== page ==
Gold And The Eurozone Central Banks: Who Bought And Who Sold In 2005

Thursday, December 08, 2005

While gold climbs to highs last seen a quarter century ago, the members of the Eurozone continue to sell into the strength. In the week ending December 2 they sold gold with a value of 108 million Euros, bringing the total since the end of September, when the current central bank gold sales agreement was renewed for another 12 months, to 1.369 billion Euros or almost 30% of what was sold in the first nine months of 2005.
As the ECB only announces how many Euro members have been selling gold I dug deeper into the ECB's database to find out which countries have been on the selling side and who has stayed away from the market.
Conclusion: Only (booming) Ireland, (insignificant) Finland, Greece and the stubborn Bundesbank, which sits on its ears (and the biggest gold hoard after the USA) whenever the government calls for gold sales in order to shore up the budget, did not take part in the continuing gold sales.
All other Euro members were quite heavy sellers and as a rule of thumb one notes that the bigger the budget problems, the bigger were the gold sales.
My methodology was to convert the monetary values of the gold assets into ounces with their respective evaluation which was 321.5 Euros at the end of 2004 and is currently 393 Euros/oz.
All together the Euro members and the ECB sat on 368.889 million ounces of gold at the end of 2004 and have reduced this cushion by 10.056 million ounces or 2.6% by the end of October 2005, bringing it to 376.832 million ounces.
  • The ECB itself sold off 6.5% or 1.6 million ounces in the first 10 months of the year, which leaves it with 23.05 million ounces.
  • The biggest seller in absolute terms was France. The "grande nation" sold 5.432 million ounces, reducing its gold treasure by 5.7% to 90.55 million ounces. France's unemployment rate hovers above 10%.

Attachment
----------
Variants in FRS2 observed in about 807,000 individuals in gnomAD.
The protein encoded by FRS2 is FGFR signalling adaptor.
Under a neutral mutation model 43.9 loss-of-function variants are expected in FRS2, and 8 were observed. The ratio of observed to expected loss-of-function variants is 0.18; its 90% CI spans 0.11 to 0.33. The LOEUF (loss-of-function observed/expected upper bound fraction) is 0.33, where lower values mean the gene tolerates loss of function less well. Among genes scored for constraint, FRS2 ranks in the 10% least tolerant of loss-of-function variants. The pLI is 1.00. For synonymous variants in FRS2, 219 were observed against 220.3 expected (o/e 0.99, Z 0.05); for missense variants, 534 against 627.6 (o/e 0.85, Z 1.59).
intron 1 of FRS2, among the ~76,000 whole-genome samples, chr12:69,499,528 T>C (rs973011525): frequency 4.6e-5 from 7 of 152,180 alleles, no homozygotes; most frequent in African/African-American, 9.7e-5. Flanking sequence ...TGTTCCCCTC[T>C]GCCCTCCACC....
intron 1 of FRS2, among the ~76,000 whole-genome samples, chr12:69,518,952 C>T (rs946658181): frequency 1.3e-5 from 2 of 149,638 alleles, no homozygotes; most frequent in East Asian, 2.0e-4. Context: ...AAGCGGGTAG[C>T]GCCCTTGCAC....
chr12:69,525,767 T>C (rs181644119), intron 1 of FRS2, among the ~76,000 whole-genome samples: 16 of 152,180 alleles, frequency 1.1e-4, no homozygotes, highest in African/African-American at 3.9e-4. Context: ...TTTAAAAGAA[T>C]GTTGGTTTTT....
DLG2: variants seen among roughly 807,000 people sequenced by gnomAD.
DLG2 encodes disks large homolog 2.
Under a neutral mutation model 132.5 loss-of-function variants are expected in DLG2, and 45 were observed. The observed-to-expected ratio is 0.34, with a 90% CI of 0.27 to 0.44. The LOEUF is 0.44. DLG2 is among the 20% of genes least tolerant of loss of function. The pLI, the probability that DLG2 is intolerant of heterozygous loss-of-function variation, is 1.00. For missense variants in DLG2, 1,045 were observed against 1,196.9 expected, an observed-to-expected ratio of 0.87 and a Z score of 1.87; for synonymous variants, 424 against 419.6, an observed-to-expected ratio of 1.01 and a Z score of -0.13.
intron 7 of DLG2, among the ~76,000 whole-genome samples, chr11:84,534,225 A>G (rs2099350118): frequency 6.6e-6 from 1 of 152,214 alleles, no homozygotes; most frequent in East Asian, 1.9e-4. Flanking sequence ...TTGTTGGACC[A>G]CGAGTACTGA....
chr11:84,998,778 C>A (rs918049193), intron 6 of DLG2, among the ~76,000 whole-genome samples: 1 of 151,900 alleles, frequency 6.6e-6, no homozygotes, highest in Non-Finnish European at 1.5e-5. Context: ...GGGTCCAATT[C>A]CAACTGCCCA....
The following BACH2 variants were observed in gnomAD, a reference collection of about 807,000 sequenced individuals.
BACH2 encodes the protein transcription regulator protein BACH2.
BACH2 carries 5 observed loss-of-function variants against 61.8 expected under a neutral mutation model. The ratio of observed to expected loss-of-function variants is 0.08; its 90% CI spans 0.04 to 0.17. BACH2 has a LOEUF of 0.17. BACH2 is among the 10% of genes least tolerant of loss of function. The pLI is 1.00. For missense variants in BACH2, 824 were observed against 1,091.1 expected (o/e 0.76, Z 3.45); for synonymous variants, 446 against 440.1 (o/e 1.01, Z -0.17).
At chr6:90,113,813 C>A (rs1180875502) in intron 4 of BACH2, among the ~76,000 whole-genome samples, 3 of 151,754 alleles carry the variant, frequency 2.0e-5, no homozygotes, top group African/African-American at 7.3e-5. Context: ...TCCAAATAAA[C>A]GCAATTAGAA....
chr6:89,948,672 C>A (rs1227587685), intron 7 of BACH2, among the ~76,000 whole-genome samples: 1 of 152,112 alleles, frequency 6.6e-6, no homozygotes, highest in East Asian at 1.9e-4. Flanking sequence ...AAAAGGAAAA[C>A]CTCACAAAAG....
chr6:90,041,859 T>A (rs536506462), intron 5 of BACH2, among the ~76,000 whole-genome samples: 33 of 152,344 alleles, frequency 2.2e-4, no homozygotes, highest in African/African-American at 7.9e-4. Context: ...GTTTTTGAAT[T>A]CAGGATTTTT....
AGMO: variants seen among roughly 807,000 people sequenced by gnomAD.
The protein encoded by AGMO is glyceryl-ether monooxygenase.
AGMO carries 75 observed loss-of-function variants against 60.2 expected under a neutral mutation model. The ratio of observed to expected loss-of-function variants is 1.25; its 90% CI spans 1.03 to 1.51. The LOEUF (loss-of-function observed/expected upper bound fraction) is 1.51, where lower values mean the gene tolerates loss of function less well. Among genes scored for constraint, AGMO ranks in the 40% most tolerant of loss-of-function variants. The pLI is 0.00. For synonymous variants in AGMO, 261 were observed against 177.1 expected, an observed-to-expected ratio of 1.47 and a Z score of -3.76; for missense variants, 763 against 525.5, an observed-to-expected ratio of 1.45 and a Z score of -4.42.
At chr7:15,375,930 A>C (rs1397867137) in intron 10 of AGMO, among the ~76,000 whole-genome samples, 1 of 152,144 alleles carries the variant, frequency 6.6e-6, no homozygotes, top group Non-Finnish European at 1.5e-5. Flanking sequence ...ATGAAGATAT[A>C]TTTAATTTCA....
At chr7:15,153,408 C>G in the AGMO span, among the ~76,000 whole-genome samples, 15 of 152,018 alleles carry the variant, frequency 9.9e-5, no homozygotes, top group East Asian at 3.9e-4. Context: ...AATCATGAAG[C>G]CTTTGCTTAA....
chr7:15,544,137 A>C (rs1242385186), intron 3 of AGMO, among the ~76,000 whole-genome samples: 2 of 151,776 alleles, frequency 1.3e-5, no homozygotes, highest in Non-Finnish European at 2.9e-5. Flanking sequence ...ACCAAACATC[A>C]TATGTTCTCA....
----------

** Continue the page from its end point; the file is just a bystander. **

• Second come the Netherlands. The country is plagued from recession dangers after the housing boom came to a halt some time ago. The Dutch sold 1.948 million ounces, shrinking their gold assets by 7.8% to 23.048 million ounces until October.
  • The bronze medal for the biggest gold sellers is awarded to Spain. The Spaniards reduced their gold reserves by 9.9% or 1.67 million ounces to a current total of 15.16 million ounces.
  • Rank #4 goes to Portugal whose budget deficit is out of control. The former colonial empire sold 1.16 million ounces in 2005, shrinking the contents of its treasure chest by 7.8% to 13.7 million ounces.
  • Belgium, shattered by frequent strikes of disgruntled state employees this year, sold a total of 982.088 ounces. Its gold hoard fell 11.8% to 7.3 million ounces this way.
The other Euro members were quite reserved about selling off the hardest part of their currency reserves.
  • Most surprising is the fact that Italy, just an inch away from a recession, was tight-fisted. In 2005 the boot-shaped country sold only 315,600 ounces of gold, reducing its gold assets by 0.4% to 78.5 million ounces.
  • Austria, faced with a sluggish economy but blessed with a very hawkish central bank governor, sold a total of 189.400 ounces, bringing its gold hoard down 1.9% to 9.7 million ounces.
  • Germany sold a negligible amount of 176,000 ounces, shrinking its gold treasure by a mere 0.2% to 110.2 million ounces.
  • Luxembourg let go a mere 868 ounces and currently holds 73,768 ounces.
So far the gold purchases within the Euroarea amount only to a few peanuts this year.
  • Biggest buyer was Greece which saw its gold reserves rise by 5,303 ounces or 0.2% to 3.47 million ounces.
  • Ireland's gold treasure grew exactly 514 ounces, bringing the total to 193,323 ounces.
  • The list ends with Finland which added 432 ounces to its gold treasure, now standing at 1.577 million ounces.

Summing all this up I arrive at a figure of 10.05 million ounces sold and 6,249 ounces bought.
One additional note that should not be forgotten is the fact that all European central banks state gold, gold swaps, leases and gold receivables in one figure. So we do not know how much physical gold they actually hold.
Of note is also that save for the Mexican central bank no other monetary authority lists the extent of its silver reserves - if there are any left since silver was gradually de-monetized in the 20th century.
It is up to you to decide whether this speaks for or against gold. In my opinion there will be no better investment in the rest of this decade. This bull market, supported by huge physical buying in Asia and the Arab world has only just begun. Don't short this market but buy the dips.


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